The United States on Wednesday doubled to $10 million its reward for the capture of ISIS leader Amir Mohammed Abdul Rahman al-Mawla, Secretary of State Mike Pompeo announced.
The US had already offered $5 million for al-Mawla before he was identified as the successor to Abu Bakr al-Baghdadi, who was killed by US commandos in an October raid in Syria.
“This reward is an important moment in our fight against ISIS and its branches and networks around the world. As ISIS is defeated on the battlefield, we are determined to identify and find the group’s leaders so that the global coalition of nations fighting to defeat ISIS can continue to destroy ISIS remnants and thwart its global ambitions,” said the US State Department in its statement.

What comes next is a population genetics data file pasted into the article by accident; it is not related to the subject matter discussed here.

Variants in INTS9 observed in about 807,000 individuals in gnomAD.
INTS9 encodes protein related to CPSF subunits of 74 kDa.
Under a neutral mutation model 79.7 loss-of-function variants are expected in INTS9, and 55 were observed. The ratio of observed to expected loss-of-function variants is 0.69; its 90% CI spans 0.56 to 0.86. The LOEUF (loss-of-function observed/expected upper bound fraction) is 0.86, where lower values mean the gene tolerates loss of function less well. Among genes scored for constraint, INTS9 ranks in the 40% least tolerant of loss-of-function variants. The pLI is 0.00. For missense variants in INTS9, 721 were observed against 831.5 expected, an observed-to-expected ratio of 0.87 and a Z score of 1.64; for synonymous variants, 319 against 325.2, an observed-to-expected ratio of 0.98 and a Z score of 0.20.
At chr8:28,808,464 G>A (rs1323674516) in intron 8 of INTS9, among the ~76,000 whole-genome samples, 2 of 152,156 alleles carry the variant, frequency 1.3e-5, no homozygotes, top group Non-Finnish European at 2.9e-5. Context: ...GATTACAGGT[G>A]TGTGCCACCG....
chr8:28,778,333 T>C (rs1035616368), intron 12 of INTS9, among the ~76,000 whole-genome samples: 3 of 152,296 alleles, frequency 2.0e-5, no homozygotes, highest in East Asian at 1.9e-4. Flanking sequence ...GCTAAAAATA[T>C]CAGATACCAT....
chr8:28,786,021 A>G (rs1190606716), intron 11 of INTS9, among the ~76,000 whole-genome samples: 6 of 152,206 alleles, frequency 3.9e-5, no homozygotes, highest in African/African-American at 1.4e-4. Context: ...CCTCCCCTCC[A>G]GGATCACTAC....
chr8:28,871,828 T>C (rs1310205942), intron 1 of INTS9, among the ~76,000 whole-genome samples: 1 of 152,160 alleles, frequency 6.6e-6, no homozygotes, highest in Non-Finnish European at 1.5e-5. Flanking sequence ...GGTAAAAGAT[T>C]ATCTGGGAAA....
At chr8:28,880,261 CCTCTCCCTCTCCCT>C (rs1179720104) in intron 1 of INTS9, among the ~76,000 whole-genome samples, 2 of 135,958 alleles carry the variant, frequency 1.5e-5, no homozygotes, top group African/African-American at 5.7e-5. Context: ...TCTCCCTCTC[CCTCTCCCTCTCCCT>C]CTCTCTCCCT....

Born in 1976, al-Mawla, also known as Hajji Abdallah, is a scholar in Islamic law who issued edicts to justify the persecution of the Yazidi minority, a campaign that the United Nations has described as genocide.
The terrorists killed thousands of Yazidis, and abducted and enslaved thousands more women and girls as they rampaged across the Middle East.
Al-Mawla was born in the Iraqi city of Mosul to a Turkmen family, making him one of the few non-Arabs to ascend the ranks of ISIS group, which at its height ruled vast parts of Iraq and Syria and drew volunteers from the West.
The group’s strongholds have been decimated but it has inspired grisly attacks around the world, including in Afghanistan and West Africa.